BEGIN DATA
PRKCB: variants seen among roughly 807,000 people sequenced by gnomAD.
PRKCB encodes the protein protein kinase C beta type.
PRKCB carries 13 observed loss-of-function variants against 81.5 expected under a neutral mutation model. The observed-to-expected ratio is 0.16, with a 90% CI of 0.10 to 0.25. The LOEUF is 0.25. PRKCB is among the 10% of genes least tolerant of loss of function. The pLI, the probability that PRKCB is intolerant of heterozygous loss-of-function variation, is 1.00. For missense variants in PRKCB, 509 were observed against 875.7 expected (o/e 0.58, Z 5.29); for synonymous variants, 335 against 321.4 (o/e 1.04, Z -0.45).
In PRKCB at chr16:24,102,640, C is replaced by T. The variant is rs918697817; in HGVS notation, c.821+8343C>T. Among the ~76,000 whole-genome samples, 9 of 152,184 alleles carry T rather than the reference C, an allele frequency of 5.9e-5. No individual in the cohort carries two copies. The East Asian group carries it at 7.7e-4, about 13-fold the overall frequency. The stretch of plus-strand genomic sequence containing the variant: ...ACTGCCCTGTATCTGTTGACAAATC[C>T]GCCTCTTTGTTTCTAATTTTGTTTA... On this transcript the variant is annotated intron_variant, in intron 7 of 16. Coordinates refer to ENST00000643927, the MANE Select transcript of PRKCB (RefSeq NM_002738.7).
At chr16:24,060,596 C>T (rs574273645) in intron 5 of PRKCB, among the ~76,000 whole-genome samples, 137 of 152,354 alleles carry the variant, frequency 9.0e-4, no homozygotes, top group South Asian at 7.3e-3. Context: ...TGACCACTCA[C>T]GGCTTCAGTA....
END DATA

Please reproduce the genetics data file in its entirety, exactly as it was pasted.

PRKCB: variants seen among roughly 807,000 people sequenced by gnomAD.
PRKCB encodes the protein protein kinase C beta type.
PRKCB carries 13 observed loss-of-function variants against 81.5 expected under a neutral mutation model. The observed-to-expected ratio is 0.16, with a 90% CI of 0.10 to 0.25. The LOEUF is 0.25. PRKCB is among the 10% of genes least tolerant of loss of function. The pLI, the probability that PRKCB is intolerant of heterozygous loss-of-function variation, is 1.00. For missense variants in PRKCB, 509 were observed against 875.7 expected (o/e 0.58, Z 5.29); for synonymous variants, 335 against 321.4 (o/e 1.04, Z -0.45).
In PRKCB at chr16:24,102,640, C is replaced by T. The variant is rs918697817; in HGVS notation, c.821+8343C>T. Among the ~76,000 whole-genome samples, 9 of 152,184 alleles carry T rather than the reference C, an allele frequency of 5.9e-5. No individual in the cohort carries two copies. The East Asian group carries it at 7.7e-4, about 13-fold the overall frequency. The stretch of plus-strand genomic sequence containing the variant: ...ACTGCCCTGTATCTGTTGACAAATC[C>T]GCCTCTTTGTTTCTAATTTTGTTTA... On this transcript the variant is annotated intron_variant, in intron 7 of 16. Coordinates refer to ENST00000643927, the MANE Select transcript of PRKCB (RefSeq NM_002738.7).
At chr16:24,060,596 C>T (rs574273645) in intron 5 of PRKCB, among the ~76,000 whole-genome samples, 137 of 152,354 alleles carry the variant, frequency 9.0e-4, no homozygotes, top group South Asian at 7.3e-3. Context: ...TGACCACTCA[C>T]GGCTTCAGTA....